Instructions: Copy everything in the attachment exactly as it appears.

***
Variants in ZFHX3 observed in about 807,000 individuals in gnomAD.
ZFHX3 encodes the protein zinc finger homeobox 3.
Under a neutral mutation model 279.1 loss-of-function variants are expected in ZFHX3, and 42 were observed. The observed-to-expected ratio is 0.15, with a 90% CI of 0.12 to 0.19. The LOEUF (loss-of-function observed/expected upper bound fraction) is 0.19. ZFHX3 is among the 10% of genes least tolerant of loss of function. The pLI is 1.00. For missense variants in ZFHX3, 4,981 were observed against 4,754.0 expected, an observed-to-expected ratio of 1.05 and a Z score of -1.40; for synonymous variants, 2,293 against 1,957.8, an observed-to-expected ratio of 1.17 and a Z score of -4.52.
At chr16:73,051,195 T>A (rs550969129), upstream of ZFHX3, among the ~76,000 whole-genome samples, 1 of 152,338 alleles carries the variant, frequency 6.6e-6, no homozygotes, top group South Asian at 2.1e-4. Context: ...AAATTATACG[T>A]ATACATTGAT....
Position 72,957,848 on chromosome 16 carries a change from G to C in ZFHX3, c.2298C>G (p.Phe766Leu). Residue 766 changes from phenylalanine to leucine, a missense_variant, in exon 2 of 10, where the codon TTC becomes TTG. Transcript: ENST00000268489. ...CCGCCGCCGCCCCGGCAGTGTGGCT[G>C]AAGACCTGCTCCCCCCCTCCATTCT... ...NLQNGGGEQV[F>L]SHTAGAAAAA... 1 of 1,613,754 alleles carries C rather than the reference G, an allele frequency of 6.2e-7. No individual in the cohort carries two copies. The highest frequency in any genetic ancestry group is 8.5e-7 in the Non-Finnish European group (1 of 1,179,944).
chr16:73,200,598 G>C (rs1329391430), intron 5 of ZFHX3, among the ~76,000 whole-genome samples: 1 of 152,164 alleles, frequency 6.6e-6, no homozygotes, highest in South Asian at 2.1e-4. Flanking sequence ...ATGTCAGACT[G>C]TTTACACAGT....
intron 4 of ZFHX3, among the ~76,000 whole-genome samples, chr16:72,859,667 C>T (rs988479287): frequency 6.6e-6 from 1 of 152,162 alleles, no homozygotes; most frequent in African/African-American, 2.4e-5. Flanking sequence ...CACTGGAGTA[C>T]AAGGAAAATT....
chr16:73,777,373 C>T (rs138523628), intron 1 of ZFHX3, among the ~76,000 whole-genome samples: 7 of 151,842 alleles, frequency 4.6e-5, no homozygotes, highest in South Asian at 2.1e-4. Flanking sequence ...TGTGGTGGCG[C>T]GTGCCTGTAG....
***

Variants in ZFHX3 observed in about 807,000 individuals in gnomAD.
ZFHX3 encodes the protein zinc finger homeobox 3.
Under a neutral mutation model 279.1 loss-of-function variants are expected in ZFHX3, and 42 were observed. The observed-to-expected ratio is 0.15, with a 90% CI of 0.12 to 0.19. The LOEUF (loss-of-function observed/expected upper bound fraction) is 0.19. ZFHX3 is among the 10% of genes least tolerant of loss of function. The pLI is 1.00. For missense variants in ZFHX3, 4,981 were observed against 4,754.0 expected, an observed-to-expected ratio of 1.05 and a Z score of -1.40; for synonymous variants, 2,293 against 1,957.8, an observed-to-expected ratio of 1.17 and a Z score of -4.52.
At chr16:73,051,195 T>A (rs550969129), upstream of ZFHX3, among the ~76,000 whole-genome samples, 1 of 152,338 alleles carries the variant, frequency 6.6e-6, no homozygotes, top group South Asian at 2.1e-4. Context: ...AAATTATACG[T>A]ATACATTGAT....
Position 72,957,848 on chromosome 16 carries a change from G to C in ZFHX3, c.2298C>G (p.Phe766Leu). Residue 766 changes from phenylalanine to leucine, a missense_variant, in exon 2 of 10, where the codon TTC becomes TTG. Transcript: ENST00000268489. ...CCGCCGCCGCCCCGGCAGTGTGGCT[G>C]AAGACCTGCTCCCCCCCTCCATTCT... ...NLQNGGGEQV[F>L]SHTAGAAAAA... 1 of 1,613,754 alleles carries C rather than the reference G, an allele frequency of 6.2e-7. No individual in the cohort carries two copies. The highest frequency in any genetic ancestry group is 8.5e-7 in the Non-Finnish European group (1 of 1,179,944).
chr16:73,200,598 G>C (rs1329391430), intron 5 of ZFHX3, among the ~76,000 whole-genome samples: 1 of 152,164 alleles, frequency 6.6e-6, no homozygotes, highest in South Asian at 2.1e-4. Flanking sequence ...ATGTCAGACT[G>C]TTTACACAGT....
intron 4 of ZFHX3, among the ~76,000 whole-genome samples, chr16:72,859,667 C>T (rs988479287): frequency 6.6e-6 from 1 of 152,162 alleles, no homozygotes; most frequent in African/African-American, 2.4e-5. Flanking sequence ...CACTGGAGTA[C>T]AAGGAAAATT....
chr16:73,777,373 C>T (rs138523628), intron 1 of ZFHX3, among the ~76,000 whole-genome samples: 7 of 151,842 alleles, frequency 4.6e-5, no homozygotes, highest in South Asian at 2.1e-4. Flanking sequence ...TGTGGTGGCG[C>T]GTGCCTGTAG....